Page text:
Running wild

August 22, 2013

Sports Illustrated ran an article about anti-doping testing in Jamaica. Five conclusions:

  1. It highlights the problem of how poorer countries should allocate resources to anti-doping. One cannot possibly claim that funding that is more important than funding basic needs.
  2. At the same time, this is of no concern to the athletes competing against the Jamaicans. And the fact is that JADCO is responsible for out-of-competition testing of its athletes even when they are abroad.
  3. If they wanted to, Jamaica could fund the world’s best anti-doping program with just 10% of the proceeds of their millionaire sprinters. So install a testing tax on the athletes, and the problem is solved. Note that if this is a fixed tax that applies to all their athletes indiscriminately, it is not comparable with the Armstrong donation to the UCI. Simply the costs of being a pro athlete.
  4. One would think that for the athletes, this would be a great opportunity to lend credibility to the claim that they’re clean. As it stands, with 1 OOC test in the two most important months of 2012 (when it comes to doping to prepare for the Olympics), suspicion is cast upon all Jamaican athletes. They simply were not tested in a way that any credible statement about them being clean could be made.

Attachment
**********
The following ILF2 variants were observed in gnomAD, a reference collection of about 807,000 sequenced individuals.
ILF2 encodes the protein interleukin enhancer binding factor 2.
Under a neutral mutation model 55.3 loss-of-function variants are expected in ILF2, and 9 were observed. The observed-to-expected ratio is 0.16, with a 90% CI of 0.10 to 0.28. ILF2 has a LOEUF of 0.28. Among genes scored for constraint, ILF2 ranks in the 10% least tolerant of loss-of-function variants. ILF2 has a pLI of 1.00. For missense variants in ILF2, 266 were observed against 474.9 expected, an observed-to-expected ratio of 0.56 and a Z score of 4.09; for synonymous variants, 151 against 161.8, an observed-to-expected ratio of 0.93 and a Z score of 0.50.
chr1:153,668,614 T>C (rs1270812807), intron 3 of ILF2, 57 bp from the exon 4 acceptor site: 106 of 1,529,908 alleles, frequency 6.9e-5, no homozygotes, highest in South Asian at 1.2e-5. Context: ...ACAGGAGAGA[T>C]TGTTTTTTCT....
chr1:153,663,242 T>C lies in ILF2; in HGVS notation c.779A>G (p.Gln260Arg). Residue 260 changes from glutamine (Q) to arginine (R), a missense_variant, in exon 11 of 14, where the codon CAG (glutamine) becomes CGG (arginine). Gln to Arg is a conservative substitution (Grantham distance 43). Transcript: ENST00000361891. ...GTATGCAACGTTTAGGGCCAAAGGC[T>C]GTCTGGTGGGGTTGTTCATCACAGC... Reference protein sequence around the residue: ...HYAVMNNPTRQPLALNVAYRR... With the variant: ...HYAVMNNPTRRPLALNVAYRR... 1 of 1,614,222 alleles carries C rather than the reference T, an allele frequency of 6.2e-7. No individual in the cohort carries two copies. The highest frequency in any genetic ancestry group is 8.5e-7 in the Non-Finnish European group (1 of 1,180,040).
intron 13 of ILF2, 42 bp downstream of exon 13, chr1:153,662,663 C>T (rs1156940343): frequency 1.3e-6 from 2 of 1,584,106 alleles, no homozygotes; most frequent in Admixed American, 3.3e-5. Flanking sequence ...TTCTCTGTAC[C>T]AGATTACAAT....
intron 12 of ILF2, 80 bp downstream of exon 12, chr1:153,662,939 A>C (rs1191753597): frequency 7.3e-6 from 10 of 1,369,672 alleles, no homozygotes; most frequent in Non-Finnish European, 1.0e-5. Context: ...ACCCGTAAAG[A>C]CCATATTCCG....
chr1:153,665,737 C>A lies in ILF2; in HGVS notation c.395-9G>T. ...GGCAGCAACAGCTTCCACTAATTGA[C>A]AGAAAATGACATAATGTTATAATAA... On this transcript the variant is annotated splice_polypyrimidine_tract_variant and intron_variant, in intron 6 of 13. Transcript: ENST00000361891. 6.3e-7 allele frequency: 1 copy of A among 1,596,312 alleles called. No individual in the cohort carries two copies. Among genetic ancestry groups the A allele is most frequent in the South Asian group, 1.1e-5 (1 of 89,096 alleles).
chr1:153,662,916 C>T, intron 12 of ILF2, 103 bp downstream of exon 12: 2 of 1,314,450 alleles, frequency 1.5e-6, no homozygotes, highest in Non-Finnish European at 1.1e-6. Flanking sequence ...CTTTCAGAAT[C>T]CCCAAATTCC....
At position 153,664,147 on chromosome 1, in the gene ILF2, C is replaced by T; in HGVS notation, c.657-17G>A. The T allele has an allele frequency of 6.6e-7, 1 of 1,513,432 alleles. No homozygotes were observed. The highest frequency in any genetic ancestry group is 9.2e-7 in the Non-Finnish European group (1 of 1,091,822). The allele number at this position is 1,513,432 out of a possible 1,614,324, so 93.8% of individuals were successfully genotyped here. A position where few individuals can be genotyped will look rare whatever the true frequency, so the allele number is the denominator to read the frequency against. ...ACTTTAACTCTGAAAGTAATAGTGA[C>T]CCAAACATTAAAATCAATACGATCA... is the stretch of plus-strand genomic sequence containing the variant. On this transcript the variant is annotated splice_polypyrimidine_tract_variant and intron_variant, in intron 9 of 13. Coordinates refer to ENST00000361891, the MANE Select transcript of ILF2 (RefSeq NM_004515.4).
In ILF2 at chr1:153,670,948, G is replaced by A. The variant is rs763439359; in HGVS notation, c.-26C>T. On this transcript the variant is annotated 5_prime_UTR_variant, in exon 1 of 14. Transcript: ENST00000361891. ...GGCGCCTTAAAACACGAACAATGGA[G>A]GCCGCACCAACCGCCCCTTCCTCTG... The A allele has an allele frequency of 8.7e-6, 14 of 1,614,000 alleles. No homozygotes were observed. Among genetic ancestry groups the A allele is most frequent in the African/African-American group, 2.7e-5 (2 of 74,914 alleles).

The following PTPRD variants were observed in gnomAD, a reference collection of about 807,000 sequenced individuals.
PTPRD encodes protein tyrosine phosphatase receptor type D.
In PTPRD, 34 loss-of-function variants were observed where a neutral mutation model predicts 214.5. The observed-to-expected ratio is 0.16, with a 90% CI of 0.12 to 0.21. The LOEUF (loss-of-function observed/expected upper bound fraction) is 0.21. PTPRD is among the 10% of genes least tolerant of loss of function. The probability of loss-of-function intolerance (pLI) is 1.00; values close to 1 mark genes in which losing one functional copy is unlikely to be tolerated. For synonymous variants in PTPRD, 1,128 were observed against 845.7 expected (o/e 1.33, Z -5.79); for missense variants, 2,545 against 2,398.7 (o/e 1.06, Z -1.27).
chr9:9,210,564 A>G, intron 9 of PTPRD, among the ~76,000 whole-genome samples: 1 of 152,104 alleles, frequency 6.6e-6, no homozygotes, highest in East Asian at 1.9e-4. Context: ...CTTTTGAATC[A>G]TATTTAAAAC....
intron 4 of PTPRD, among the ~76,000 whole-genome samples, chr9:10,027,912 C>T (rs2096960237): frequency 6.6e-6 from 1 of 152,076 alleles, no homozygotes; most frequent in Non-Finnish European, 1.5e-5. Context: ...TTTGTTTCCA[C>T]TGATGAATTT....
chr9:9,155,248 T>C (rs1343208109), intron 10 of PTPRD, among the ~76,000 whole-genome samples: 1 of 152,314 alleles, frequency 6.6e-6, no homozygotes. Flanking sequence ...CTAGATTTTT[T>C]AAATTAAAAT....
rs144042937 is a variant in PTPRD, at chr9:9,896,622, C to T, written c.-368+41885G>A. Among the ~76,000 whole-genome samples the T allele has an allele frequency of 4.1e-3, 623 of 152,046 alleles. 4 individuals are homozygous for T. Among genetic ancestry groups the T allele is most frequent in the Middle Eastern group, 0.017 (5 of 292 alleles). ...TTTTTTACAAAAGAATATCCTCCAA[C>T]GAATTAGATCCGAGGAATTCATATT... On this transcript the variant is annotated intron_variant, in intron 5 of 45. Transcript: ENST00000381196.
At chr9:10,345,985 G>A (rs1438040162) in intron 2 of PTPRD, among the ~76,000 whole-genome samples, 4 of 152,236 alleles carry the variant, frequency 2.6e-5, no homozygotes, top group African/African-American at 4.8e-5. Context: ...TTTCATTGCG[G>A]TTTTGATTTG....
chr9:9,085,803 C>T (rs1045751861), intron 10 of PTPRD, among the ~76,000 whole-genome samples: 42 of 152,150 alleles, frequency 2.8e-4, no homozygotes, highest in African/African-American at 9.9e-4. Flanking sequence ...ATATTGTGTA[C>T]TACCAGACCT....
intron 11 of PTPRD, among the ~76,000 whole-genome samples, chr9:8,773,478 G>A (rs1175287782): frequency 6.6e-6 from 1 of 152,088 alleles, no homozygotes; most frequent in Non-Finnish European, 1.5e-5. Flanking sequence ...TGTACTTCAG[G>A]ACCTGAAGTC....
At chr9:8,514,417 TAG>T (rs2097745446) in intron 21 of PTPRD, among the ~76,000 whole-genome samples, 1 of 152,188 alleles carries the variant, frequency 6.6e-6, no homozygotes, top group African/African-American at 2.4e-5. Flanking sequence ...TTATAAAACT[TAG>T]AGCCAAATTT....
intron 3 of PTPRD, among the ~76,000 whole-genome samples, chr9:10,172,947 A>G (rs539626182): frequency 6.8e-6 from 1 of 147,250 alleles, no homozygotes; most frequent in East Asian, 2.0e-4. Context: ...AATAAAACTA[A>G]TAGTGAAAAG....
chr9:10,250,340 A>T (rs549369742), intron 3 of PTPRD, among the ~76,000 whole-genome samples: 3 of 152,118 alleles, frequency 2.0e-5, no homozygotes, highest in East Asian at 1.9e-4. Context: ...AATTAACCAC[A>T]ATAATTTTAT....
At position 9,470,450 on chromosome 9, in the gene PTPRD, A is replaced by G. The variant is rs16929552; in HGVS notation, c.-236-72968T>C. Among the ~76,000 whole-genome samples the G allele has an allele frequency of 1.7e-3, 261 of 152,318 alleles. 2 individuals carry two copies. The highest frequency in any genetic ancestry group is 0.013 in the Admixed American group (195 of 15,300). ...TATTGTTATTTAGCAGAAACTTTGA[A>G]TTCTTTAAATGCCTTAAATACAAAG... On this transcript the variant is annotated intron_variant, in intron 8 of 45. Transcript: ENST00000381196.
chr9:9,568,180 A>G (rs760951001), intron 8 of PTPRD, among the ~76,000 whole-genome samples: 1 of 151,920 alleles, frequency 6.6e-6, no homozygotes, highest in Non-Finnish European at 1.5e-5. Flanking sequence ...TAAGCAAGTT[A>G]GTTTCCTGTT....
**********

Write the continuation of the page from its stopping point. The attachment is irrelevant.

5. Fans of Jamaican sprinters react the same way as Lance Armstrong fans did in the BO-era (Before Oprah)

3 Responses to “Running wild”

  1. Fan Says:

    This could also be expanded to topic: Equality in anti-doping testing, or does it even exist ?

    Way too many examples on this besides Jamaica, also Kenya etc. Just take a look to WADA testing statistics.

  2. slim jim Says:

    The morning after Bolt’s won gold in 2008 a co-worker of mine (also a cycling fan) said, “What did you think of Bolt’s run last night?”

    “He could be the greatest we’ve ever seen or the biggest cheat.”

  3. larryatcycleitalia Says:

    The IAAF should be funding world-wide whereabouts and out-of-competition testing, paid for via proceeds of a tax on the receipts of the big-money track meets. With “Golden” this and “DIamond” that, one would think the money is there.

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